Dr. Jeanette Andrews once walked down the corridors of the Charlie Norwood Department of Veterans Affiars Medical Center with her aunt, Joyce Grimaud.
They couldn’t get far.
“Patients and their families would stop her. Everyone knew her, and everyone highly regarded her,” said Andrews, Associate Dean for Research and Evaluation at the Medical University of South Carolina. “She was a star.”
Grimaud retired from the VA in 2006, but a new generation of fans is discovering this lifelong nurse who can still be spotted wearing the old-school uniform she first donned in the early ’60s.
For the past five years, she has volunteered in the Georgia Health Sciences University College of Nursing to help prepare students for clinical work in the simulation lab. And with financial support from Andrews, the college recently established a scholarship in her name – the Joyce R. Grimaud Cardiovascular Nursing Scholarship Award – to a pre-licensure student intent on becoming a cardiovascular nurse.
The inaugural recipient, Kristin Murray, got acquainted with Grimaud over lunch.
“She was one of the best students who could have gotten it,” said Grimaud, adding that she was humbled and surprised when she learned her niece established a scholarship in her name. Few others were surprised.
“Everybody just loves Mama Joyce,” said Dr. Rebecca Rule, Director of the Bachelor of Science in Nursing program. “She brings such a wealth of what we call ‘worker wisdom’ to teaching,” Rule said, meaning that Grimaud can impart decades of hands-on experience and instinct that books and simulation labs cannot produce.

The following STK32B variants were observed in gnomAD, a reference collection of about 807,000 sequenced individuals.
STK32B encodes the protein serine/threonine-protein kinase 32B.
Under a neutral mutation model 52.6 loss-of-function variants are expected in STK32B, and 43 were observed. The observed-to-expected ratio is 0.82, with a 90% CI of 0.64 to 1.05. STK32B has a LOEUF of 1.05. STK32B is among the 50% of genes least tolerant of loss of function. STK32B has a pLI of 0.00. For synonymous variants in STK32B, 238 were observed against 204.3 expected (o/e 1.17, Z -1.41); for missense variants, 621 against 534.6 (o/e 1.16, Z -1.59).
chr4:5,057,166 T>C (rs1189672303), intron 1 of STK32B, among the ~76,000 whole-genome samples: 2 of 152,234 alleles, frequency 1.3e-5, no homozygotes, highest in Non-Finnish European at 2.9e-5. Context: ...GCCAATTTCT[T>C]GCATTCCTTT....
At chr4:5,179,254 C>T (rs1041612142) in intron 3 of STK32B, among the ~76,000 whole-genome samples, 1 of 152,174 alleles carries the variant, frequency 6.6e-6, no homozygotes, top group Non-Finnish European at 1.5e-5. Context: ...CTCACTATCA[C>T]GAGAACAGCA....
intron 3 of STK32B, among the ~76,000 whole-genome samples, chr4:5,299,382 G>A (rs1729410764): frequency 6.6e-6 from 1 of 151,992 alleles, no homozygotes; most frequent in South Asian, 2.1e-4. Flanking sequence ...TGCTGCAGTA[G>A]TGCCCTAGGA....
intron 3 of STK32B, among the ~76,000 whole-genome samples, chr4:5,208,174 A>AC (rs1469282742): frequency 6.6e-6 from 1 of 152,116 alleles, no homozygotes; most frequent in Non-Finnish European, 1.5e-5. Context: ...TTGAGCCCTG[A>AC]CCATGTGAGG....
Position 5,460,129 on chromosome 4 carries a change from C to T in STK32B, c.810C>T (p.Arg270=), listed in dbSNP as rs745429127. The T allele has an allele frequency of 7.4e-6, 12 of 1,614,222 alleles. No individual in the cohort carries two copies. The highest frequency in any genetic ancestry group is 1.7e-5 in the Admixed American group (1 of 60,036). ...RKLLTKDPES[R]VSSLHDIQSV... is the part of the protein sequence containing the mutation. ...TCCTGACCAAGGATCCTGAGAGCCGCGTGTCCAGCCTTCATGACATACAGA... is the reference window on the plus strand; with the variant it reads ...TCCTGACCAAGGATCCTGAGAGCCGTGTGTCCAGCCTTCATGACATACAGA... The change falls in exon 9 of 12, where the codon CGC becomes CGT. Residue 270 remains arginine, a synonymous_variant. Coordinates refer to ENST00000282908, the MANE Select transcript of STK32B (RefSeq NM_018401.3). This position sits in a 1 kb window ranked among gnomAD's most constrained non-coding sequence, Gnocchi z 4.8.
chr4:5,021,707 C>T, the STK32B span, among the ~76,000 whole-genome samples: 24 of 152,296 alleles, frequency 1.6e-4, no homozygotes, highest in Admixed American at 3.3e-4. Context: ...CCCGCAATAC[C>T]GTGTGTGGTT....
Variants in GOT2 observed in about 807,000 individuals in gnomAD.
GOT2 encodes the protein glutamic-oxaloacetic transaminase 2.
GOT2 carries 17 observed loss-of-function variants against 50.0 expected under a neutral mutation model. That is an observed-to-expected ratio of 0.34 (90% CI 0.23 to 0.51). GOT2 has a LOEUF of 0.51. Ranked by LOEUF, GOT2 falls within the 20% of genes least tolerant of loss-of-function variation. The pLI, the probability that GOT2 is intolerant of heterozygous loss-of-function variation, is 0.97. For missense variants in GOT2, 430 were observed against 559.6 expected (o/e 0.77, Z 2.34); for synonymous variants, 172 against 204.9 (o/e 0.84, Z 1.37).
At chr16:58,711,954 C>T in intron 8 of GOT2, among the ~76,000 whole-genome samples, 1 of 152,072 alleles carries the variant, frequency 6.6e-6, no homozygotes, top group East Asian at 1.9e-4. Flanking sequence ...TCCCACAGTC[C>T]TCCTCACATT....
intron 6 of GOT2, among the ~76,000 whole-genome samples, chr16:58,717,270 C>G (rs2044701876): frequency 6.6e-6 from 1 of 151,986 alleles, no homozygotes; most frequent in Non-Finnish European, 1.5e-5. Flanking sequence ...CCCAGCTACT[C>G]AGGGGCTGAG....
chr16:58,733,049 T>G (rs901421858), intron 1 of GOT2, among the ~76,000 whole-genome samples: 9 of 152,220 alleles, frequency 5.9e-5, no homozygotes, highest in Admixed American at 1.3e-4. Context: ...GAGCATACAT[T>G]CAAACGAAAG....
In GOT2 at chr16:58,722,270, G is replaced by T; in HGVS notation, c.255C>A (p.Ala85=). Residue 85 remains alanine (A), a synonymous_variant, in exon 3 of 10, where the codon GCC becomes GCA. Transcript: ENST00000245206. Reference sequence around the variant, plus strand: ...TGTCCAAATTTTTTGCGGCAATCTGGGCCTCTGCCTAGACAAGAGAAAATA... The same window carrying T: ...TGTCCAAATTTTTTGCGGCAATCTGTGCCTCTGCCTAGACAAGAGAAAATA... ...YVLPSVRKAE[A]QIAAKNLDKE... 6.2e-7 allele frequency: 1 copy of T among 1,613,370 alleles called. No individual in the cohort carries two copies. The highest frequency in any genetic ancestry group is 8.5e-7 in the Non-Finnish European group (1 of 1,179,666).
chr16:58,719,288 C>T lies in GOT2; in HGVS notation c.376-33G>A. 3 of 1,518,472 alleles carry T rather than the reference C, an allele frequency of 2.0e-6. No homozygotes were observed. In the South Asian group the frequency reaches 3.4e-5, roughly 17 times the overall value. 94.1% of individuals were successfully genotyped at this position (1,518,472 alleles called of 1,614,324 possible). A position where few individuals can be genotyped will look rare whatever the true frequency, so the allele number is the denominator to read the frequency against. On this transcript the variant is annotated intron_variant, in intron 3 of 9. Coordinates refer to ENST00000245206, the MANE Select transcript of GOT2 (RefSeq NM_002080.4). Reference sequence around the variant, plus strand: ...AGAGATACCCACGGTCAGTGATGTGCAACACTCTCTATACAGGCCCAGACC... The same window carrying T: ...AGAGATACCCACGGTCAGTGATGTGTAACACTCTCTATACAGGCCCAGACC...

Interestingly, Grimaud herself does not hold a bachelor’s degree – she completed the diploma program at University Hospital in 1962. However, her 40 years of experience and personality make her a role model for aspiring nurses.
“She’s a very compassionate caregiver with patients and families, but she’s also a very competent and skilled nurse,” Andrews said. “She embodies what we call ‘the art and science of nursing.’”
Many undergraduate students initially lack a clinical background. Grimaud helps them master fundamentals such as measuring blood pressure and giving injections. She also helps Certified Nurse Leader program students replicate with computerized mannequins many situations they will see in the clinical setting, such as a hypertensive crisis.
It’s all very different from the training she received as a budding professional, when injections might have been practiced on oranges and nurses were expected to stand when a physician entered the room.
“When I trained, we didn’t have simulation labs, so we worked with actual patients,” Grimaud said. “Most students say they are so glad to be able to work in this setting because it prepares then for when they go into direct patient care. They feel much more confident.”
Grimaud said she volunteers in part because she misses nursing. But it also keeps her abreast of current developments in the profession.
“She certainly gives back, but she receives, as well, from the students,” Andrews said. “She’s a lifelong learner, intrigued by new technologies. She wants to continue to learn and to share with our young scholars.”
Andrews said the scholarship is a way to thank her aunt for inspiring her to go into nursing, her career marked by numerous achievements since she was named Young Researcher of the Year at GHSU.
Andrews completed her master’s at Georgia Southern University and doctorate at the University of South Carolina. She is a certified Family Nurse Practitioner, and was previously on the faculty at GHSU. She has since been awarded a full professorship at the Medical University of South Carolina, where she is Director of the Center for Community Health Partnerships.
“I wanted to establish her legacy while she is still young. I wanted to demonstrate how much she means to me,” Andrews said.